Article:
A Complete Breakdown of a Wedding Venue Contract - Part I
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A Complete Breakdown of a Wedding Venue Contract – Part I

Business Tips, Tricks, and Resources

Lindsay Lucas works on her wedding venue contract.

Hey friends! Today, I am doing a step-by-step walkthrough of a wedding venue rental contract! This is one of the biggest questions I get, both on Instagram and at The Venue Academy. I’m going to dive into this and give you a complete breakdown.

A wedding venue contract is a living document – you don’t just create it once and then use the same one forever. You will be constantly editing it, because every wedding will teach you something new. 

As a side note, you should be doing a wedding venue contract audit at least twice a year. Keep an editable copy in your google drive, CRM, hard drive, Dropbox, etc. so that you always have access to it.

My wedding venue contract lives in Dubsado, which is the CRM (customer relationship management software) I use. Dubsado is what I use to send all of my contracts to be signed digitally and to send all of my invoices to be paid digitally and any other agreements to my clients. 

The wedding venue contract is what clients sign to reserve their date with you. It’s what expresses the whole inner workings of what it’s like to become a couple at your venue and it details the rules, processes, and procedures your couple should be following as a client at your venue. It’s a major aspect of what elevates a client experience. 

Before we dive in, here are a few tips on your wedding venue contract:

  1. You have to understand your own contract. So, take yourself and your lawyer through this contract to make sure you comprehend every single word. You need to understand the legal ease so that you can pull out those parts for your client if you need to explain something to them. 
  2. If you can, put as much of your wedding venue contract in plain English. It will help your clients feel comfortable and confident in signing it because they’ll understand what they’re signing. It doesn’t have to be a bunch of legal mumbo jumbo – it just needs to say what it needs to say and protect both parties.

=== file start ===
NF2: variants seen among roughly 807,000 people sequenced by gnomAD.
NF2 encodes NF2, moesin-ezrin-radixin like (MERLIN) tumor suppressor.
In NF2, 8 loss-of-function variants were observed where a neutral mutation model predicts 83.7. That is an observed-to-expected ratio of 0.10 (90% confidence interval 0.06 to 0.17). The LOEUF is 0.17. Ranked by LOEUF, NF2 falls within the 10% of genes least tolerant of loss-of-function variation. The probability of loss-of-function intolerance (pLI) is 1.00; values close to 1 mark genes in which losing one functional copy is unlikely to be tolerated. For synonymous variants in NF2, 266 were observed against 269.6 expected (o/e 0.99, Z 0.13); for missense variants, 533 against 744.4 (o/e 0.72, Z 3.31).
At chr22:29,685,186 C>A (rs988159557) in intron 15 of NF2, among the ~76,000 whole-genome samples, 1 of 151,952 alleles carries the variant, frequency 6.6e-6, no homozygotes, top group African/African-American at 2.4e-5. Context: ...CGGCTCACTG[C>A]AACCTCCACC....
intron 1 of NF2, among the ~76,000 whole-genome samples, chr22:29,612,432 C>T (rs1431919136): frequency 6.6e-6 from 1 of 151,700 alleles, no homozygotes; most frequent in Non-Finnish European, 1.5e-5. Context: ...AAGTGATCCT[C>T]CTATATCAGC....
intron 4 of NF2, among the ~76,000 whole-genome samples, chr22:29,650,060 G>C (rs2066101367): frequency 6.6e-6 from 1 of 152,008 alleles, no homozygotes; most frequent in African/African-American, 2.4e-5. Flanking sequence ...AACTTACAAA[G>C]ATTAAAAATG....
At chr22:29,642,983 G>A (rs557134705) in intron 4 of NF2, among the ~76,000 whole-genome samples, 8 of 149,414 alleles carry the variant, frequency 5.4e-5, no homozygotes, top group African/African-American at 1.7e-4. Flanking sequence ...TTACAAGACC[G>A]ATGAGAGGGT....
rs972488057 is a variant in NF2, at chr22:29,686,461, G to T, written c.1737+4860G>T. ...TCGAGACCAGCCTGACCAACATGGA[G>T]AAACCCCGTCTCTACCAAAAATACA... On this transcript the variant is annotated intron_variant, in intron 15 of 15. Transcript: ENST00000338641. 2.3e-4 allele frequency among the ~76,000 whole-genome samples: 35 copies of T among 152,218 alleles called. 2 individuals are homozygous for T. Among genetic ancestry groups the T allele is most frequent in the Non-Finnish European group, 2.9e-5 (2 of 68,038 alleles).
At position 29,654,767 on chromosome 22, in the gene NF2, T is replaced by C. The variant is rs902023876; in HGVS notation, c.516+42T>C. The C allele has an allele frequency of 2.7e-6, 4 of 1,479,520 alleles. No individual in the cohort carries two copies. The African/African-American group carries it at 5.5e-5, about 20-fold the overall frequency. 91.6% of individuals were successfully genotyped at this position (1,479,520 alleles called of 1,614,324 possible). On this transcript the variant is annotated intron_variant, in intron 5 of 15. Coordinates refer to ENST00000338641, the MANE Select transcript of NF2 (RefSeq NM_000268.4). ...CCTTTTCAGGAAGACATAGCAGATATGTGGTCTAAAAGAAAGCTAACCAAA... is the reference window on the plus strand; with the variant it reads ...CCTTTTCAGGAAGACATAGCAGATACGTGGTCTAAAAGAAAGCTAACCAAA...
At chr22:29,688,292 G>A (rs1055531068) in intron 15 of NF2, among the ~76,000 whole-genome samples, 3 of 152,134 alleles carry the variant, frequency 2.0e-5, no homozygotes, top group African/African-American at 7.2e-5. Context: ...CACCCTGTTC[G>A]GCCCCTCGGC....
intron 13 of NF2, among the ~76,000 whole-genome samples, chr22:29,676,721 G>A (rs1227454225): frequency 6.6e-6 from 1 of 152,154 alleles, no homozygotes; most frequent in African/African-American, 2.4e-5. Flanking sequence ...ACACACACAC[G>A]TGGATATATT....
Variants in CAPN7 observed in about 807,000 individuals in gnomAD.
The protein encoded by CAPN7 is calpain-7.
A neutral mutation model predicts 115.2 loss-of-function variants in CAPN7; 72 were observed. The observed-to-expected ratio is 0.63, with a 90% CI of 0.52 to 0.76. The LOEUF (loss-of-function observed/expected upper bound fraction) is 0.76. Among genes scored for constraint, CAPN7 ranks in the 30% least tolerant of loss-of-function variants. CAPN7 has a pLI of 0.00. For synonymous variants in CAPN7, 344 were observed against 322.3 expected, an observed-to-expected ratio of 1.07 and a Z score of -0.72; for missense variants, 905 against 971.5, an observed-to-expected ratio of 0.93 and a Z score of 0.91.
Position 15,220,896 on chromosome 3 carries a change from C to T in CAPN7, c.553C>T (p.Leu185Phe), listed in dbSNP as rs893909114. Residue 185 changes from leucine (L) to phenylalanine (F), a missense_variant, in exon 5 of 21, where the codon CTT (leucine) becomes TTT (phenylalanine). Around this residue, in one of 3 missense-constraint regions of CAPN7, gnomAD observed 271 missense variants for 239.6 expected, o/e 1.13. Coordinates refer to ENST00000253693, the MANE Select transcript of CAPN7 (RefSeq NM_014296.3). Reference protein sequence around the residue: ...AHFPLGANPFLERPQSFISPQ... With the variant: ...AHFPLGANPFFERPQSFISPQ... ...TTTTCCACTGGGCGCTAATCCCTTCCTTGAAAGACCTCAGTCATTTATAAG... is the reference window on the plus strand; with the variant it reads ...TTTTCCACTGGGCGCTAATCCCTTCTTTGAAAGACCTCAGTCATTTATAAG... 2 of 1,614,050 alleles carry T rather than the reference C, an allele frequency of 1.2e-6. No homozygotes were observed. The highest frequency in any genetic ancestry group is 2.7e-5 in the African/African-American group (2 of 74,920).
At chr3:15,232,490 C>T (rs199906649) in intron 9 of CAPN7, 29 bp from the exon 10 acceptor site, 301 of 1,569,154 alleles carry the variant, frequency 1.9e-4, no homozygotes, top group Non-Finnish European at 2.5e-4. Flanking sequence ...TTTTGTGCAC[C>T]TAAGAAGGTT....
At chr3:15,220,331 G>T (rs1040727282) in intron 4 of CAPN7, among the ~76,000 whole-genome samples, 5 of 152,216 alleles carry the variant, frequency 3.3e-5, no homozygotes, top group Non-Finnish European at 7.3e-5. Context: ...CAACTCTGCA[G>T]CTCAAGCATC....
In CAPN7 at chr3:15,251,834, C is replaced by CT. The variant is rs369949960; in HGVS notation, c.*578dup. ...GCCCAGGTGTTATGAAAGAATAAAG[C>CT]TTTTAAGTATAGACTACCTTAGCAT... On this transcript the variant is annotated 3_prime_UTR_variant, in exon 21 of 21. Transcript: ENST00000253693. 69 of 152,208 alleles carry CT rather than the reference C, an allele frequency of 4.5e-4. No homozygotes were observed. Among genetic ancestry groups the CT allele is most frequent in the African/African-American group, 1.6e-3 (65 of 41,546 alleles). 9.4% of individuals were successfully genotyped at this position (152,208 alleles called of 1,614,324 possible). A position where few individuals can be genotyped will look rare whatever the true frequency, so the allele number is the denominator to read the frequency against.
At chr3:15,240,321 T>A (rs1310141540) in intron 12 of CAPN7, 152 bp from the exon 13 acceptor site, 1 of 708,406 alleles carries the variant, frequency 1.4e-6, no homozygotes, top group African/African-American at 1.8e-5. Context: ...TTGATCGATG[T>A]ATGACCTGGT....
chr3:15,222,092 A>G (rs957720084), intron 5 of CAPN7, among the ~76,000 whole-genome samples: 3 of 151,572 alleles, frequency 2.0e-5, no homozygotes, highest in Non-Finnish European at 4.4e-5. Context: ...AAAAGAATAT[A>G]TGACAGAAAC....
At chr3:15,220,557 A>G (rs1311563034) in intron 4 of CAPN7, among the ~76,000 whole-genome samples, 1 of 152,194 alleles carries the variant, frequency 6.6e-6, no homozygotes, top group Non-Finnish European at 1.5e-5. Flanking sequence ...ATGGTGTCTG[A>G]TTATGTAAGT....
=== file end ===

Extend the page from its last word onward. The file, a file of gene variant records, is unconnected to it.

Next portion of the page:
If you’re reading this and you don’t have a wedding venue contract or need a new contract, Paige Hulse has an online shop that has all of these templates, and if you use the code LINDSAYLUCAS10 you can get 10% off. 

Alright, let’s get started.

As I’ve already said, my wedding venue contract lives in Dubsado and everything is sent and signed virtually, for the most part. What a system like Dubsado, Aisle Planner, Honeybook, or Hello Sign will do is that they capture the IP address of the person signing and that’s what makes it legal.

Here are the different sections of my wedding venue contract. Yours will look different based on the different services you offer, but this will give you a good example and a general idea of what a wedding venue contract looks like. 

Part 1: Wedding Contract General Information 

This is all on the first page of the wedding venue contract so that you can reference it easily without having to dig somewhere into the contract. 

Today’s date

Couple’s name (first and last)

Wedding date 

I write out the full wedding date all throughout the entire wedding venue contract so that there is no confusion as to what the wedding date is. It happens! 

Venue rental fee